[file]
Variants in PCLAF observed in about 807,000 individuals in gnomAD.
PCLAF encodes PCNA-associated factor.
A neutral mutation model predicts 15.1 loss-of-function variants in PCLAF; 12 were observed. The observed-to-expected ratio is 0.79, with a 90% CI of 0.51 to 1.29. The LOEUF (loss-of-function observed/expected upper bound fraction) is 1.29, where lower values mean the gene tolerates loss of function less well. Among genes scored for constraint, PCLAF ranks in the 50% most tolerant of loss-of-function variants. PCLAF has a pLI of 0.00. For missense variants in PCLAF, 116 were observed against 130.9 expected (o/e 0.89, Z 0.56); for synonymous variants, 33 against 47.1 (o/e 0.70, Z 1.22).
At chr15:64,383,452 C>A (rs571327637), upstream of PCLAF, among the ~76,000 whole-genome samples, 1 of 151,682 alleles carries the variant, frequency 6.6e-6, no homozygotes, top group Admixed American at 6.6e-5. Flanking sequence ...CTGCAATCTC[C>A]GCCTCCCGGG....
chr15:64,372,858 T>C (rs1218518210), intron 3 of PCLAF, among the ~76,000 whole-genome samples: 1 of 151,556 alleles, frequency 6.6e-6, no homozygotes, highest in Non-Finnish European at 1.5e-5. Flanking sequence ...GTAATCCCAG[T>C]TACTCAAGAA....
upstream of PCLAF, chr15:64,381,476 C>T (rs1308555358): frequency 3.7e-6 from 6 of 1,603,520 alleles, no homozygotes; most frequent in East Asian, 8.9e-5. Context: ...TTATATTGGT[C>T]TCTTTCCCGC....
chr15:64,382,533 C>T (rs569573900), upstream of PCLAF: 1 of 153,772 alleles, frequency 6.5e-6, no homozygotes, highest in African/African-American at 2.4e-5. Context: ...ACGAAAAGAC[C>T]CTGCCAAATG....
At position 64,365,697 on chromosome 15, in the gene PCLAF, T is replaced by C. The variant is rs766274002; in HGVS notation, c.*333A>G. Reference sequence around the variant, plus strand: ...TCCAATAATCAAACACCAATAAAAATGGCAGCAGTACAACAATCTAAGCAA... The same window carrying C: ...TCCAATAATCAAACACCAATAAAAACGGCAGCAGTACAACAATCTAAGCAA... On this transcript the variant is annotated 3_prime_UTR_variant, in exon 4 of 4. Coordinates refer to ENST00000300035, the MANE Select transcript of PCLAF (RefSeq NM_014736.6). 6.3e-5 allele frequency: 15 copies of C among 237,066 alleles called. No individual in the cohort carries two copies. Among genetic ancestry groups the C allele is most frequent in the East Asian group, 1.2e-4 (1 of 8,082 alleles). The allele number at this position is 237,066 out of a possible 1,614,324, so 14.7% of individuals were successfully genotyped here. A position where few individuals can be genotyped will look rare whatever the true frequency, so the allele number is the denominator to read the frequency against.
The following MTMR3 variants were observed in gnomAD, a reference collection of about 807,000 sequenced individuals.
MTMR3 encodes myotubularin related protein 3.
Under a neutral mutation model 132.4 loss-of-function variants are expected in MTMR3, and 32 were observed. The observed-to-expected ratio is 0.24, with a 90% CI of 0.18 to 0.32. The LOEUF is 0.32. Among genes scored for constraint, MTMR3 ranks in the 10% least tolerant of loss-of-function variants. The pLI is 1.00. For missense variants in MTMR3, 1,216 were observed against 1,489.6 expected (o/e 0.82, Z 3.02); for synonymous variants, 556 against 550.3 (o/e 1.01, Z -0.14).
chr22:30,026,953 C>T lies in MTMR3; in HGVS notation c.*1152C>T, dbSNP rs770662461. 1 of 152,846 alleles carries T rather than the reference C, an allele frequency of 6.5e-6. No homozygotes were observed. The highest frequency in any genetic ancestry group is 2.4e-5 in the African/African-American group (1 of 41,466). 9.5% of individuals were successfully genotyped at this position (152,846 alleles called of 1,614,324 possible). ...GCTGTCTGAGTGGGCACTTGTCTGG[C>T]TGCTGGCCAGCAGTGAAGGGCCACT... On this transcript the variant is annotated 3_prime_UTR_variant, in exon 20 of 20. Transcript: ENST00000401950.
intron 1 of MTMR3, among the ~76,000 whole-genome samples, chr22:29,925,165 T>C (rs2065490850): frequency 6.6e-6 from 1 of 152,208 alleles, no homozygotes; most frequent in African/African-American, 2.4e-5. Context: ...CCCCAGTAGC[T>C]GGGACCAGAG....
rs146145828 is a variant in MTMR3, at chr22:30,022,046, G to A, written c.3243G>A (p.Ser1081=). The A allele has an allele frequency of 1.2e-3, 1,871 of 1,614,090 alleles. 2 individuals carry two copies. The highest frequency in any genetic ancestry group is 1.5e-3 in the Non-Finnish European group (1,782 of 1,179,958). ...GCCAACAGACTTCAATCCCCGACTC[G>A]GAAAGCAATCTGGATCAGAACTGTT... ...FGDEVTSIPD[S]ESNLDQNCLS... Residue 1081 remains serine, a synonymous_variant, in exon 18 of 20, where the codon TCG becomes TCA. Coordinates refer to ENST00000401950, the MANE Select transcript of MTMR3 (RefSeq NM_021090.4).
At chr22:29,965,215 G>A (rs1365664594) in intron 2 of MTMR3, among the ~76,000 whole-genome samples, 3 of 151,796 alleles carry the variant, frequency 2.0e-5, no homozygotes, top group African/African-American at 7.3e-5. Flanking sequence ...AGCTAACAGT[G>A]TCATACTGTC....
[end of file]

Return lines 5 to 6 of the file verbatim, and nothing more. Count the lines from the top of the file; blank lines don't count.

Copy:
chr15:64,372,858 T>C (rs1218518210), intron 3 of PCLAF, among the ~76,000 whole-genome samples: 1 of 151,556 alleles, frequency 6.6e-6, no homozygotes, highest in Non-Finnish European at 1.5e-5. Flanking sequence ...GTAATCCCAG[T>C]TACTCAAGAA....
upstream of PCLAF, chr15:64,381,476 C>T (rs1308555358): frequency 3.7e-6 from 6 of 1,603,520 alleles, no homozygotes; most frequent in East Asian, 8.9e-5. Context: ...TTATATTGGT[C>T]TCTTTCCCGC....